BUST TO DUST: Tsotsi, by Athol Fugard (Random House, $8.95)

Athol Fugard's first and only novel is about the same thing most of the great South African writer's plays are about: how the poor and downtrodden are continually, inexorably beaten down to the earth. His works are often about the earth. Boesman ludicrously lords his male superiority over Lena who loves him, even as they crouch in a crude lean-to on the Swartkops mudflats. A Lesson from Aloes, which recently ended a much-too-brief run on Broadway, takes its title from a plant that thrives in the hard dry dirt of South Africa's Eastern Cape. And on the last page of Tsotsi, the title character is literally "flattened into the dust."

People called him tsotsi ("hoodlum"), so he took that as his name. He is very young, black of course, and the decision-maker for a small gang that subsists by daily committing some vicious crime, usually but not always for the money. They don't think much about it, they just do it. Tsotsi tries not to think about anything and therefore has no memories. The gang falls apart when Boston, who can't help thinking, asks one question too many and Tsotsi nearly kicks him to death. "Tsotsi tolerated no questions from another. It wasn't just that he was caught without answers. It went deeper than that. Those questions sounded the vast depths of his darkness, making it a tangible reality. To know nothing about yourself is to be constantly in danger of nothingness, those voids of non-being over which a man walks the tightrope of his life. Tsotsi feared nothingness. He fear it because he believed in it. Even more than that, he knew with all the certainty of his being that behind the facade of life lurked nothing."

Then one day, alone, he ambushes a woman who unexpectedly thrusts into his arms a shoebox containing a squalling infant. He could destroy it instantly, but he doesn't, and so to keep it alive he must think. "Tsotsi had always thought about life as a straight line...There had only been the present, that one continuous moment carrying him forward without questions or regrets on his part. Now, it seemed, he was wrong. One day had shaken the whole basis of his life."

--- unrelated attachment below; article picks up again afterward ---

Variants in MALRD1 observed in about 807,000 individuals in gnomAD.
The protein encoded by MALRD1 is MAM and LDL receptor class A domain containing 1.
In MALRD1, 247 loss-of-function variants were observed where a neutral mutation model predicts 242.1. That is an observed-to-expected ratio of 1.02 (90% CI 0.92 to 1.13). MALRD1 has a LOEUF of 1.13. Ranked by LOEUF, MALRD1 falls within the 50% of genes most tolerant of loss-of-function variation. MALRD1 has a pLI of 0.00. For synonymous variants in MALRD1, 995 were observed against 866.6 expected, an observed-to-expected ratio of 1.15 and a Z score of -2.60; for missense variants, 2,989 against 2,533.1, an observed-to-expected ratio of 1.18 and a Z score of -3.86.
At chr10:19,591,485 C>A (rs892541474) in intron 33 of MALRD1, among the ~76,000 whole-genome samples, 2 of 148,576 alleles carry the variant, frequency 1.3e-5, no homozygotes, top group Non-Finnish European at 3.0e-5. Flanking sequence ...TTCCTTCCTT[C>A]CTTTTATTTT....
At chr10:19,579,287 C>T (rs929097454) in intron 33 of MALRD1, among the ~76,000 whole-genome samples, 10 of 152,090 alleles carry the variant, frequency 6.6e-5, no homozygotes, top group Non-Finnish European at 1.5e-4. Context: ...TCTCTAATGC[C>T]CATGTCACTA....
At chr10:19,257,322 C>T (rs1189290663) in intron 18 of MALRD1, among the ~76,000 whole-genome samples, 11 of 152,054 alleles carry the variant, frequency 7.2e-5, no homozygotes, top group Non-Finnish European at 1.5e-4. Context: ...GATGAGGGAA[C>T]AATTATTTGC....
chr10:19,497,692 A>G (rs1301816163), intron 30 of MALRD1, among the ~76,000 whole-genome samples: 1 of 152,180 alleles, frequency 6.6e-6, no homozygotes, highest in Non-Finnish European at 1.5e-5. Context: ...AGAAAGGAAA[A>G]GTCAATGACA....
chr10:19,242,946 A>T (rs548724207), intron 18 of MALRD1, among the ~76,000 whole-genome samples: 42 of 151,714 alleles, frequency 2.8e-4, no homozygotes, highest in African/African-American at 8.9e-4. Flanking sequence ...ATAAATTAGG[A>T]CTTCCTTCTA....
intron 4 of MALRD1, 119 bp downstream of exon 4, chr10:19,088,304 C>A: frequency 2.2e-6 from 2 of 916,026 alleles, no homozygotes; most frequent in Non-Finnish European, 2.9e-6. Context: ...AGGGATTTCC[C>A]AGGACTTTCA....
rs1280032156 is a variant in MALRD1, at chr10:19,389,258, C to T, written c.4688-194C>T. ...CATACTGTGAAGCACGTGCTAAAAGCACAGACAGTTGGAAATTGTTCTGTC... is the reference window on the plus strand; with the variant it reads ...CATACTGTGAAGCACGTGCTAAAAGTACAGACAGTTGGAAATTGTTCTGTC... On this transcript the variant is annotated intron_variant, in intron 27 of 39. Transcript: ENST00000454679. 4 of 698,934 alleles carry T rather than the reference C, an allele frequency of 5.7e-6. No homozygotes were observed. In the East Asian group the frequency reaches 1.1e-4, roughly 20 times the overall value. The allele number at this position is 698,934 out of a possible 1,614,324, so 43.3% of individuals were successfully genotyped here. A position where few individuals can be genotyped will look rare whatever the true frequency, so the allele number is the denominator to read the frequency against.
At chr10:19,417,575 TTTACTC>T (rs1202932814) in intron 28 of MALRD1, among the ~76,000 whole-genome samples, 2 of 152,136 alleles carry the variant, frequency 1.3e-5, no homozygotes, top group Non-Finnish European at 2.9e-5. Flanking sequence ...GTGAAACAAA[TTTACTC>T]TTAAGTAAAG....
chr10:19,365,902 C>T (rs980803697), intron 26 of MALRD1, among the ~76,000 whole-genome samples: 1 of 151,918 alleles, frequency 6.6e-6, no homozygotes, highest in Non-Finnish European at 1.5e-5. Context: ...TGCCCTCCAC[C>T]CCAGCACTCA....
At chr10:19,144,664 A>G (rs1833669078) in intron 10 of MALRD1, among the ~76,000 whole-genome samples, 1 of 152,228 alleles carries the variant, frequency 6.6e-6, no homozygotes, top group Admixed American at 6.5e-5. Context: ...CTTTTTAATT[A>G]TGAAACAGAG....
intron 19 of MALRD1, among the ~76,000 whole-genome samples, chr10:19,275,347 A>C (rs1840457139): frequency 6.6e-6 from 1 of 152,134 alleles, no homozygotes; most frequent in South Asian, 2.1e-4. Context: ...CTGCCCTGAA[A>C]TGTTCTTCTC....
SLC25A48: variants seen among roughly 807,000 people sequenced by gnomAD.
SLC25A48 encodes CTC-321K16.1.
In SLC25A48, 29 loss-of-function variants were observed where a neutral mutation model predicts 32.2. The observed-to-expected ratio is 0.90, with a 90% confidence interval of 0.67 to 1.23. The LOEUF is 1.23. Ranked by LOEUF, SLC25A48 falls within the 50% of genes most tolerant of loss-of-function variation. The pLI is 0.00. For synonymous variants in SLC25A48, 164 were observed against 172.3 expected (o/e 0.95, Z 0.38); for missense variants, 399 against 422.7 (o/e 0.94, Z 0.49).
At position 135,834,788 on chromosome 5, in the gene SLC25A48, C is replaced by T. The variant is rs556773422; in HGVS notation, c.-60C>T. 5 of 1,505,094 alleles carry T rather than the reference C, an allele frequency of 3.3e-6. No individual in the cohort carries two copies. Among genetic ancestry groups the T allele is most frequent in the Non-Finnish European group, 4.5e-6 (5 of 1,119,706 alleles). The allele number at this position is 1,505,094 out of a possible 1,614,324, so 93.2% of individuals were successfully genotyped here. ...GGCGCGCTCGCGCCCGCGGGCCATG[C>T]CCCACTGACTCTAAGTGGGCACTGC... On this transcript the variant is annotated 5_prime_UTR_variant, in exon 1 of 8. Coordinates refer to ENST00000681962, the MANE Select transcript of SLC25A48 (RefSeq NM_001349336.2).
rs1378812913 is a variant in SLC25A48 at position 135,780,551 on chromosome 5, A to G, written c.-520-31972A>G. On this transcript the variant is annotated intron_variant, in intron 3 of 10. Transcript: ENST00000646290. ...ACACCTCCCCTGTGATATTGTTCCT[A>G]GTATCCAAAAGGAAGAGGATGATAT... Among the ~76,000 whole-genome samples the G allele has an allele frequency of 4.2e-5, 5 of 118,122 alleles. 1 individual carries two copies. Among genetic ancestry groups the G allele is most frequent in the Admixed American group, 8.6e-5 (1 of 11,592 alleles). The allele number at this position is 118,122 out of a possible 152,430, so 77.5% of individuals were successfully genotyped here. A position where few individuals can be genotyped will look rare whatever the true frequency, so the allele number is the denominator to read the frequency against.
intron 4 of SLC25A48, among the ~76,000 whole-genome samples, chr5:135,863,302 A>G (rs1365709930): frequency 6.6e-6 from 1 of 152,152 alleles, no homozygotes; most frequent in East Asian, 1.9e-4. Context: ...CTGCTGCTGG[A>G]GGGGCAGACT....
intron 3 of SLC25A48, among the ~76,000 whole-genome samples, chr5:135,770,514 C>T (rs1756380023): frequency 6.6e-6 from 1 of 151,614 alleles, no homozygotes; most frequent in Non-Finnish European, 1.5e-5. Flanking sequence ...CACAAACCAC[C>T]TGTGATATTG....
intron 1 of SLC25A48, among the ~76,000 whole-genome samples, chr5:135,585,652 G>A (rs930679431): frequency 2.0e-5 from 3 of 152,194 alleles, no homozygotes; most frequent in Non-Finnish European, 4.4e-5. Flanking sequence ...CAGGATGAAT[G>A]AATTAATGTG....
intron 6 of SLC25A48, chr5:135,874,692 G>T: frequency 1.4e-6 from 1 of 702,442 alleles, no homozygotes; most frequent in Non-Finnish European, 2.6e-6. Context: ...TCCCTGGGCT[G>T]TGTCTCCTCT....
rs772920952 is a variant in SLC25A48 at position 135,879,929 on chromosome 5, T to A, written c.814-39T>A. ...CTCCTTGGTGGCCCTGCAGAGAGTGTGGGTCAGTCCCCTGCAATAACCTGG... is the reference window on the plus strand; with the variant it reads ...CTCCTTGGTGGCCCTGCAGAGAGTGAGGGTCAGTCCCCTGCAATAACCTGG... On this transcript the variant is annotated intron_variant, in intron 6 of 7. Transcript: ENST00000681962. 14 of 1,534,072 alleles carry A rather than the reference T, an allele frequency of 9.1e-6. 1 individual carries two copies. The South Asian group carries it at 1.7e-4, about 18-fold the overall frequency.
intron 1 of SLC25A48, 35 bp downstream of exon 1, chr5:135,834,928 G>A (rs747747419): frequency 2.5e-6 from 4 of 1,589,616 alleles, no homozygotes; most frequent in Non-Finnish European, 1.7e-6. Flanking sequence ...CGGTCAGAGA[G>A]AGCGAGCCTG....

Into that one day Fugard crams the despair, rage and numbness of life in a Soweto slum, allowing the oppression of the white minority governors to go as realistically unstated as Tsotsi's need to kill (or love). Well, almost unstated. He describes a Bantu eating house: "It was a cheerless room, and reflected the poverty of a people who measured their essentials and excesses in the smallest unit of the white man's money." The kitchen boy who painted food prices on the door left out the penny sign beside each numeral. "He didn't think it necessary."

The novel's scenario is as bleak and streamlined as one of Beckett's, yet its language is still rich and beautiful. Folksinger Tony Bird, like Fugard a white South African, once wrote a gorgeous song extolling the wildlife and landscape of his countryside, yet his song ends, "With my mind so tormented in her province I wandered/While beauty and pain mocked my stride/For to feel so much freedom where no freedom exists/Was too much in the Cape of Flowers." Beauty and pain mock Fugard's stride constantly, yet he continues to trace the impossible hopes and inevitable destruction of his black and colored countrymen. Tsotsi is an estimable contribution to his catalogue, and we should be grateful to the two students who found the novel (completed in 1961) among Fugard's papers and inspired its publication.

Soho News, February 25, 1981